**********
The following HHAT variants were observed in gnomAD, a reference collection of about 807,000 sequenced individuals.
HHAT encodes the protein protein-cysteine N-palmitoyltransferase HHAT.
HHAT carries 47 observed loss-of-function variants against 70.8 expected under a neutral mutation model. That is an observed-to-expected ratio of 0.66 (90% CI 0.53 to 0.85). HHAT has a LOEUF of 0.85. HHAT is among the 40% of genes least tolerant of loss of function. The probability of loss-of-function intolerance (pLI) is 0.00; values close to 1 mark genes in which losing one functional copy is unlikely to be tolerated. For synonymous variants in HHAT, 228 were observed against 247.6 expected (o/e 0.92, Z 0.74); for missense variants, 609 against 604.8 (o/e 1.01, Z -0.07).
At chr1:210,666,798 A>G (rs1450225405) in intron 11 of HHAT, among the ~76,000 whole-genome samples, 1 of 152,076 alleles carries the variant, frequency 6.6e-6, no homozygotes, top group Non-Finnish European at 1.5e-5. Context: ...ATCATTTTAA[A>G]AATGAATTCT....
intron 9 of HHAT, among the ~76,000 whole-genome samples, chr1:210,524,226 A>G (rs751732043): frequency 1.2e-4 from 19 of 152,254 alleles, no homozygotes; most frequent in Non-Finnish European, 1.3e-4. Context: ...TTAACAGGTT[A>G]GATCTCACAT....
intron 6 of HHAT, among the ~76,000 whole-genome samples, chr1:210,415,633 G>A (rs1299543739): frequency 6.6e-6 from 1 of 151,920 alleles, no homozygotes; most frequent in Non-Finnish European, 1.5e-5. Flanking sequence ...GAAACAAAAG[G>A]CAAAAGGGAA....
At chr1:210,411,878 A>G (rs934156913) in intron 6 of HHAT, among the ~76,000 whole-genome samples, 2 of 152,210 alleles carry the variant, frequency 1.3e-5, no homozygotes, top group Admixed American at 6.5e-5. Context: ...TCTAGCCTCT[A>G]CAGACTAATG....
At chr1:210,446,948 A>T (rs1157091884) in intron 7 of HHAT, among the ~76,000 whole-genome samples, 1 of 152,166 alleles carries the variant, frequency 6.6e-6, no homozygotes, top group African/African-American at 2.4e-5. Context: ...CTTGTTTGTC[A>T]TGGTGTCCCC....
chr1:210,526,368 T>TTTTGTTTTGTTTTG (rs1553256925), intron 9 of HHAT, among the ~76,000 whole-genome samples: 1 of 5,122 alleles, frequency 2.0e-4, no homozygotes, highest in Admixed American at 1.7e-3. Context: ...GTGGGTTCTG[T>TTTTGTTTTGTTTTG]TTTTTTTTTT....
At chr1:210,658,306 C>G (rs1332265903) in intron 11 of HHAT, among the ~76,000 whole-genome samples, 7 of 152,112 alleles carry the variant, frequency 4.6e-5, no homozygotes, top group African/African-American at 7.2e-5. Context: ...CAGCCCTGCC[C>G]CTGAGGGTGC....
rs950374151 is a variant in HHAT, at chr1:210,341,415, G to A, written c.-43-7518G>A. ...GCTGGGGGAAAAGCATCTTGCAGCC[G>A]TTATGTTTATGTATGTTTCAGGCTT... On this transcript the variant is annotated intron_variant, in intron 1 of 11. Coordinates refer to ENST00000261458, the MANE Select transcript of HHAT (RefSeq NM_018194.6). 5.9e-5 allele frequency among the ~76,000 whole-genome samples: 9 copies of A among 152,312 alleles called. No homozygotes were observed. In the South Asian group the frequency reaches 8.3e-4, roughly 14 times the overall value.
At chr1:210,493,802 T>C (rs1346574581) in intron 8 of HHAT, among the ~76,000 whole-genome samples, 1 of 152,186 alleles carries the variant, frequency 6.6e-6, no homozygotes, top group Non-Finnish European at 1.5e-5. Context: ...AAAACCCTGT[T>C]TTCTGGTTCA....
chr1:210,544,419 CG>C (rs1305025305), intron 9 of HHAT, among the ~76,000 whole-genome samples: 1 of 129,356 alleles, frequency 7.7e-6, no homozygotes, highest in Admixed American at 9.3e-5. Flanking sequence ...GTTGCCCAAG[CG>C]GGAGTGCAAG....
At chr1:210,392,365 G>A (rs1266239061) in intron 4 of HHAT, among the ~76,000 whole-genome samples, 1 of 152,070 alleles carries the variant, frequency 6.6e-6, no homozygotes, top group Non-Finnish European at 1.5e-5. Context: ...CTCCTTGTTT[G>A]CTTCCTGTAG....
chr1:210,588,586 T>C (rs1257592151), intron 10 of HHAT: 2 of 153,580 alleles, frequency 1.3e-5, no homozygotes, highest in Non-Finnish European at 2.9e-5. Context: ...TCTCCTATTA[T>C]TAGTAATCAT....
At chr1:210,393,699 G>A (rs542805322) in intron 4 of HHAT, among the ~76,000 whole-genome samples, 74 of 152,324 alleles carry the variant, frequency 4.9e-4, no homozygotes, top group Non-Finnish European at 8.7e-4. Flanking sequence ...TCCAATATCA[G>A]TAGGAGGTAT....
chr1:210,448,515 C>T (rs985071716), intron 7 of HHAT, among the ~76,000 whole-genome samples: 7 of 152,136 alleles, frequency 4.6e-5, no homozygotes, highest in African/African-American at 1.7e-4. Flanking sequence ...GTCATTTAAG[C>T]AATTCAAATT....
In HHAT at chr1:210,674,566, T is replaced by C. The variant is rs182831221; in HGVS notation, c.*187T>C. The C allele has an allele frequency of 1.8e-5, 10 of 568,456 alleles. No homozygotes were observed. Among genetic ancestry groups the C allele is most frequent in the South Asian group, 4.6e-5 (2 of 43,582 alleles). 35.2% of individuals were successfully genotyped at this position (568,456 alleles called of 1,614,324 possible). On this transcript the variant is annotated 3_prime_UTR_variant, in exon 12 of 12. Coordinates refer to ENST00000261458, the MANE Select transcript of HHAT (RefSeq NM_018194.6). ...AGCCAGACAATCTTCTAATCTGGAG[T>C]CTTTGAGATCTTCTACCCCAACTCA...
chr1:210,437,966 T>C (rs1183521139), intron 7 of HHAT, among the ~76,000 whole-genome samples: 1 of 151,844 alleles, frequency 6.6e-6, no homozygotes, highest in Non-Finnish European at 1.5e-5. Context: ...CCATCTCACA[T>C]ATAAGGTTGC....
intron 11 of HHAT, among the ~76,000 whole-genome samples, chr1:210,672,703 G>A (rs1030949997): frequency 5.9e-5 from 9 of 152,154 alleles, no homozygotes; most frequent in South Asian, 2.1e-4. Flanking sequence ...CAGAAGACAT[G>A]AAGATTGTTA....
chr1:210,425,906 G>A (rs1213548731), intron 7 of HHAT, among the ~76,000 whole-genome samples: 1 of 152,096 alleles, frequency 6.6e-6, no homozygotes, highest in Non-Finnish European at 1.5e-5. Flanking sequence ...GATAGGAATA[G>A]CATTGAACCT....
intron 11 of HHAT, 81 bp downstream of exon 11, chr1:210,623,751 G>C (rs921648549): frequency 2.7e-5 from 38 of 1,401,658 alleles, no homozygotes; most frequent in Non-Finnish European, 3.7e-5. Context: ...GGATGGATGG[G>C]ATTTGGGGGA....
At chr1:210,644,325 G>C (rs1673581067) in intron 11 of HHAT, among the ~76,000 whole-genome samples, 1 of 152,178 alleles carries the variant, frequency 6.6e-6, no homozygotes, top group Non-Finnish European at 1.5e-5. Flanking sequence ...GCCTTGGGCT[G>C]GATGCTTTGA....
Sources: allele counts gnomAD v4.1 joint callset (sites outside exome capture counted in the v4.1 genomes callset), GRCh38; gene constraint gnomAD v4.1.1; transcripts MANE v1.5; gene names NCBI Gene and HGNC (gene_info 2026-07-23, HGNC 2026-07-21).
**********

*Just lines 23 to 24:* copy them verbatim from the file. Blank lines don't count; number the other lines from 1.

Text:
At chr1:210,644,325 G>C (rs1673581067) in intron 11 of HHAT, among the ~76,000 whole-genome samples, 1 of 152,178 alleles carries the variant, frequency 6.6e-6, no homozygotes, top group Non-Finnish European at 1.5e-5. Flanking sequence ...GCCTTGGGCT[G>C]GATGCTTTGA....
Sources: allele counts gnomAD v4.1 joint callset (sites outside exome capture counted in the v4.1 genomes callset), GRCh38; gene constraint gnomAD v4.1.1; transcripts MANE v1.5; gene names NCBI Gene and HGNC (gene_info 2026-07-23, HGNC 2026-07-21).